For compiler developers, one big issue is how to describe a specification of its intermediate representation (IR), which consists of various entities like symbol tables, syntax trees, analysis information and so on. As IR is a central data structure of a compiler, its precise specification is always strongly desired. However, the formalization of an actual IR is not an easy task since it tends to be large, has complex interdependency between its entities, and depends on a specific implementation language. In this paper, as a first step to solve this problem, we propose a new data model for IR, called IIR. The goal of IIR is to describe a specification of IR declaratively without depending on its concrete implementation detail. The main idea is to model all entities of IR as relations with explicit identifiers. By this, we can develop an IR model transliterally from an actual IR, and describe its specification by using the full expressiveness of conventional logic languages. The specification is inherently executable and can be used to check the validity of IR in compile time. As a practical case study, we formalized an IR of our production compiler in IIR, and developed a type system for it in Prolog. Experimental results about size and performance are shown.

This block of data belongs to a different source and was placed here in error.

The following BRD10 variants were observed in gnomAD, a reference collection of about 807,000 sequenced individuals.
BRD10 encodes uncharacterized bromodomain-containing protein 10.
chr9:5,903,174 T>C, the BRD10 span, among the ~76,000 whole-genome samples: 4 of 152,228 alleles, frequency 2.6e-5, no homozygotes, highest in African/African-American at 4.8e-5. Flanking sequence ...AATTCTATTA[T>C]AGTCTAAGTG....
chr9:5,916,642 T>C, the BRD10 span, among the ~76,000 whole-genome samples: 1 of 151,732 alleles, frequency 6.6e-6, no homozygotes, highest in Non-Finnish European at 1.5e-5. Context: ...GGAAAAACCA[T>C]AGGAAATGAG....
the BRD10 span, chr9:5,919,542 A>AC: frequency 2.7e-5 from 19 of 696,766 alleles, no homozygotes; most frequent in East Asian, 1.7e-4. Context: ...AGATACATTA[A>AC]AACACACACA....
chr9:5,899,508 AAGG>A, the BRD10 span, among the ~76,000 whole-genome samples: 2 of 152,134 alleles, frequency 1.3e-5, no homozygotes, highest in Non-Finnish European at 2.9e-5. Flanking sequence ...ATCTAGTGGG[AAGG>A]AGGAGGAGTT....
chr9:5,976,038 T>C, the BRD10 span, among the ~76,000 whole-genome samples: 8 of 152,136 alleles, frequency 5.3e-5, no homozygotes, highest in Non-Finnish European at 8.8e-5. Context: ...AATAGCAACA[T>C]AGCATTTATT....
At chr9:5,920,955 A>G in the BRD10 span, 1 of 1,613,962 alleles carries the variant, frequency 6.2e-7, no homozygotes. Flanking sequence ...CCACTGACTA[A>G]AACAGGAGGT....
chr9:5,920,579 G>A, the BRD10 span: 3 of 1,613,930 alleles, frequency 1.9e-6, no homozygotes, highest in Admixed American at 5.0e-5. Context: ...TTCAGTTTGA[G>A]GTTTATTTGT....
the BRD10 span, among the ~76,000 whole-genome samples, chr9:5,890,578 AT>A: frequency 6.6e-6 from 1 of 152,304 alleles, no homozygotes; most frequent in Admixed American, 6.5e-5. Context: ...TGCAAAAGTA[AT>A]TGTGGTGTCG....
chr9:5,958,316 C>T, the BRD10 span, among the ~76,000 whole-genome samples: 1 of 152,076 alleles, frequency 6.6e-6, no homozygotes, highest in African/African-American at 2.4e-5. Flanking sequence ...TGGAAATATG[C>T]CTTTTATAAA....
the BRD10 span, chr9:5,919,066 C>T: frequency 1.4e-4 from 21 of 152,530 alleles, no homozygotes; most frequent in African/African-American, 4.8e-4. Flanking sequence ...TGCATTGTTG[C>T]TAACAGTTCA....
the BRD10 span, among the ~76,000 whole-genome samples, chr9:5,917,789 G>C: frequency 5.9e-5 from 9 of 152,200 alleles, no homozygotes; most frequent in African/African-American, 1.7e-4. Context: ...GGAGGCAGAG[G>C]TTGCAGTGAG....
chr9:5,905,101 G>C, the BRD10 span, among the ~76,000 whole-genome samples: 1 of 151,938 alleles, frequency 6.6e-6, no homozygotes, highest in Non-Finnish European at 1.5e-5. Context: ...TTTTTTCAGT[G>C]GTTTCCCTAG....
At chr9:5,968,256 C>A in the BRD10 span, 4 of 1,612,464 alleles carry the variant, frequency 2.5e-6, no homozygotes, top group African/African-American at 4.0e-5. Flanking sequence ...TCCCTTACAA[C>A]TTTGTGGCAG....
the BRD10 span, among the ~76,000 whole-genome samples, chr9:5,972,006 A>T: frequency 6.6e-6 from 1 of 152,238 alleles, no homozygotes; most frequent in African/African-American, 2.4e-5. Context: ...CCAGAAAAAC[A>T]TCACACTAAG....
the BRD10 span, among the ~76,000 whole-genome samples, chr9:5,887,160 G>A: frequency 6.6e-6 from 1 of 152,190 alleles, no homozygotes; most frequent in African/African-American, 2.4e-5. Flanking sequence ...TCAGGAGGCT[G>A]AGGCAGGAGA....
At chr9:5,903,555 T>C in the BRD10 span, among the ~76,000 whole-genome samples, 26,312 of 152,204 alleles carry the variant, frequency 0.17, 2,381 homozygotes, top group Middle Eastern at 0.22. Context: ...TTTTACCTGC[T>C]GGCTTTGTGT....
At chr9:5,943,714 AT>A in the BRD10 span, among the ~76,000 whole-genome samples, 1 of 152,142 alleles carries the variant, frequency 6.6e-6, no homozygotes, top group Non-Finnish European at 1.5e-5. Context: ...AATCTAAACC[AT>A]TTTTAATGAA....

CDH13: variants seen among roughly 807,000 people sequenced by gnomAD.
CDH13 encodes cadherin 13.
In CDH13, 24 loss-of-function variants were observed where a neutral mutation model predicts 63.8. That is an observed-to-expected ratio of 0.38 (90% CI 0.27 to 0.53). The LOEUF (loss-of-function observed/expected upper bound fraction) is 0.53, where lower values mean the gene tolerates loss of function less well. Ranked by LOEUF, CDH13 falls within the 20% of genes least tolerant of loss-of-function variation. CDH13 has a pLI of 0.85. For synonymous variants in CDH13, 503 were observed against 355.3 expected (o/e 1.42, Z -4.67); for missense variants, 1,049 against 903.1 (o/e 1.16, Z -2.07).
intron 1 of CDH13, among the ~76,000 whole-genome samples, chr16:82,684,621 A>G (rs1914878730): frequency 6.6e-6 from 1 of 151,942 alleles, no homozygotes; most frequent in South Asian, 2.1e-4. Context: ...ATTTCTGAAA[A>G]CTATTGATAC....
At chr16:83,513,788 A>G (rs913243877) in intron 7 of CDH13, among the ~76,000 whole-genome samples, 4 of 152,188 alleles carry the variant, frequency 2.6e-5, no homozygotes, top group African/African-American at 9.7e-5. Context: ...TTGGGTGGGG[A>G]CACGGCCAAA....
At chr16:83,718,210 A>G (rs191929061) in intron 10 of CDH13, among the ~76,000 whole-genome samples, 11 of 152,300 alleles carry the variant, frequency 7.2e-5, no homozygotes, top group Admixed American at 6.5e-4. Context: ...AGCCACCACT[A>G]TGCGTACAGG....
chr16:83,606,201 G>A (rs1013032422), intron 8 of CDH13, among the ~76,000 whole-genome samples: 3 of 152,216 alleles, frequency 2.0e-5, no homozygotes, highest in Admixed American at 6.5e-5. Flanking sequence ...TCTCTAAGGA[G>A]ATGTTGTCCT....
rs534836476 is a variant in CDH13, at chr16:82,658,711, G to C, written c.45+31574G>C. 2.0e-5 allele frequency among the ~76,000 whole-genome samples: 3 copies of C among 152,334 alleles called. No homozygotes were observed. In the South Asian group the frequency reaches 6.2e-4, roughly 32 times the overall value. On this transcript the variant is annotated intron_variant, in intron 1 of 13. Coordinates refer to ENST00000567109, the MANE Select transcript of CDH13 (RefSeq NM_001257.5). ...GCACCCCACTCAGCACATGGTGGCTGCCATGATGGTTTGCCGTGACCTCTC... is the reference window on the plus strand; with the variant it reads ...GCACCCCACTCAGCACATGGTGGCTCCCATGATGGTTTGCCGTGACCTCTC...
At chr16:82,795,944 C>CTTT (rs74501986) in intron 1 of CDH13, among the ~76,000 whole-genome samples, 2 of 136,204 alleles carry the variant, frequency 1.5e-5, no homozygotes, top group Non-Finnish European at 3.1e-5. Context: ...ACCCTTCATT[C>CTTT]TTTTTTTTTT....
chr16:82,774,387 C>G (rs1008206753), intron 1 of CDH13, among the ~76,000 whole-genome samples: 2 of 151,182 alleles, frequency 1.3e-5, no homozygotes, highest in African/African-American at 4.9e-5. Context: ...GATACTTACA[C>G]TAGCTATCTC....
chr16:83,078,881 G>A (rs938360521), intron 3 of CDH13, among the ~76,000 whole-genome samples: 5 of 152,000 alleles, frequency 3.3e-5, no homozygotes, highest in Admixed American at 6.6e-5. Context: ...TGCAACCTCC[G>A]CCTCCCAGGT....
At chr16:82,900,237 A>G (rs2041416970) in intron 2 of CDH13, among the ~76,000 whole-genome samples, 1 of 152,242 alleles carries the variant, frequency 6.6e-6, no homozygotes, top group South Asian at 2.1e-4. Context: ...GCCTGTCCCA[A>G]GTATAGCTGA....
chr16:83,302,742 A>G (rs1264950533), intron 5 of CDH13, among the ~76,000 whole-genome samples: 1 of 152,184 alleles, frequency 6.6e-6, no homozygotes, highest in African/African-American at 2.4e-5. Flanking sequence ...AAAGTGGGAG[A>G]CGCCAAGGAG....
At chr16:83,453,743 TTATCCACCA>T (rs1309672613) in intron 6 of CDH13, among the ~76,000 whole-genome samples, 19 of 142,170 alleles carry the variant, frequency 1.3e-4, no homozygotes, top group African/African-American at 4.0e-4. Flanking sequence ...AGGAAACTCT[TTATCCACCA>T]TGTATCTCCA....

Separation logic is an extension of Hoare logic to verify imperative programs with pointers and mutable data-structures. Although there exist several implementations of verifiers for separation logic, none of them has actually been itself verified. In this paper, we present a verifier for a fragment of separation logic that is verified inside the Coq proof assistant. This verifier is implemented as a Coq tactic by reflection to verify separation logic triples. Thanks to the extraction facility to OCaml, we can also derive a certified, stand-alone and efficient verifier for separation logic.